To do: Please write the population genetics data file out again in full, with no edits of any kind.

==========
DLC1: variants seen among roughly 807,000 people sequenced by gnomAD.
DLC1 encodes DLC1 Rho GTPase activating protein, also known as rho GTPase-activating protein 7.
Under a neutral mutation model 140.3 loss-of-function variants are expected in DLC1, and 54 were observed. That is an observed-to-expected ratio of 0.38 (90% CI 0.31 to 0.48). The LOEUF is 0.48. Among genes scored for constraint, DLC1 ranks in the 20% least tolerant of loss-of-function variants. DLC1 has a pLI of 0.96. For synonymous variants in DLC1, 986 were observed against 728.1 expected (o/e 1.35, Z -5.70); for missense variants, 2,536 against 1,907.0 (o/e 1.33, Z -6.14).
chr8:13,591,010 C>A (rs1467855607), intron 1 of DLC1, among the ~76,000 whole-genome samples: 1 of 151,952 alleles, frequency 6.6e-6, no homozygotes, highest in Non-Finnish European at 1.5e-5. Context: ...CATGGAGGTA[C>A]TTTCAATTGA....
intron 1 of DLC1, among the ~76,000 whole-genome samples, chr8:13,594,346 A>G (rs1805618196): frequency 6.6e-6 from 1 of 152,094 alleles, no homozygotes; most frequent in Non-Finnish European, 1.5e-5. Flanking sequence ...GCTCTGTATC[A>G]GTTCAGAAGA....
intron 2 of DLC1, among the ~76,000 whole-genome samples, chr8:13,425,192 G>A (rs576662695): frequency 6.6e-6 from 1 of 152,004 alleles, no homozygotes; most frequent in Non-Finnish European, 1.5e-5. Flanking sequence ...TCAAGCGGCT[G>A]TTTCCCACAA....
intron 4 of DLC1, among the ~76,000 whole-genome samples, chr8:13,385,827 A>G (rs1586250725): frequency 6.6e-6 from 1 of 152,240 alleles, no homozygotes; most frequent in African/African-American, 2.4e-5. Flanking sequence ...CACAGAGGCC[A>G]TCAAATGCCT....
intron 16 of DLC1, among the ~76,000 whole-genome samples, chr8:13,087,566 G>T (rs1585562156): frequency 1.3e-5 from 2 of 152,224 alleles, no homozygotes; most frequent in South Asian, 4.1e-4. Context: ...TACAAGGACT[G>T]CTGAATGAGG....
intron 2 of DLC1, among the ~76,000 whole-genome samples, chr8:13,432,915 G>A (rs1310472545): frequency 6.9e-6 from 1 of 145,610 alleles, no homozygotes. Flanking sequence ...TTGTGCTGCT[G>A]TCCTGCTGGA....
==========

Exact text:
DLC1: variants seen among roughly 807,000 people sequenced by gnomAD.
DLC1 encodes DLC1 Rho GTPase activating protein, also known as rho GTPase-activating protein 7.
Under a neutral mutation model 140.3 loss-of-function variants are expected in DLC1, and 54 were observed. That is an observed-to-expected ratio of 0.38 (90% CI 0.31 to 0.48). The LOEUF is 0.48. Among genes scored for constraint, DLC1 ranks in the 20% least tolerant of loss-of-function variants. DLC1 has a pLI of 0.96. For synonymous variants in DLC1, 986 were observed against 728.1 expected (o/e 1.35, Z -5.70); for missense variants, 2,536 against 1,907.0 (o/e 1.33, Z -6.14).
chr8:13,591,010 C>A (rs1467855607), intron 1 of DLC1, among the ~76,000 whole-genome samples: 1 of 151,952 alleles, frequency 6.6e-6, no homozygotes, highest in Non-Finnish European at 1.5e-5. Context: ...CATGGAGGTA[C>A]TTTCAATTGA....
intron 1 of DLC1, among the ~76,000 whole-genome samples, chr8:13,594,346 A>G (rs1805618196): frequency 6.6e-6 from 1 of 152,094 alleles, no homozygotes; most frequent in Non-Finnish European, 1.5e-5. Flanking sequence ...GCTCTGTATC[A>G]GTTCAGAAGA....
intron 2 of DLC1, among the ~76,000 whole-genome samples, chr8:13,425,192 G>A (rs576662695): frequency 6.6e-6 from 1 of 152,004 alleles, no homozygotes; most frequent in Non-Finnish European, 1.5e-5. Flanking sequence ...TCAAGCGGCT[G>A]TTTCCCACAA....
intron 4 of DLC1, among the ~76,000 whole-genome samples, chr8:13,385,827 A>G (rs1586250725): frequency 6.6e-6 from 1 of 152,240 alleles, no homozygotes; most frequent in African/African-American, 2.4e-5. Flanking sequence ...CACAGAGGCC[A>G]TCAAATGCCT....
intron 16 of DLC1, among the ~76,000 whole-genome samples, chr8:13,087,566 G>T (rs1585562156): frequency 1.3e-5 from 2 of 152,224 alleles, no homozygotes; most frequent in South Asian, 4.1e-4. Context: ...TACAAGGACT[G>T]CTGAATGAGG....
intron 2 of DLC1, among the ~76,000 whole-genome samples, chr8:13,432,915 G>A (rs1310472545): frequency 6.9e-6 from 1 of 145,610 alleles, no homozygotes. Flanking sequence ...TTGTGCTGCT[G>A]TCCTGCTGGA....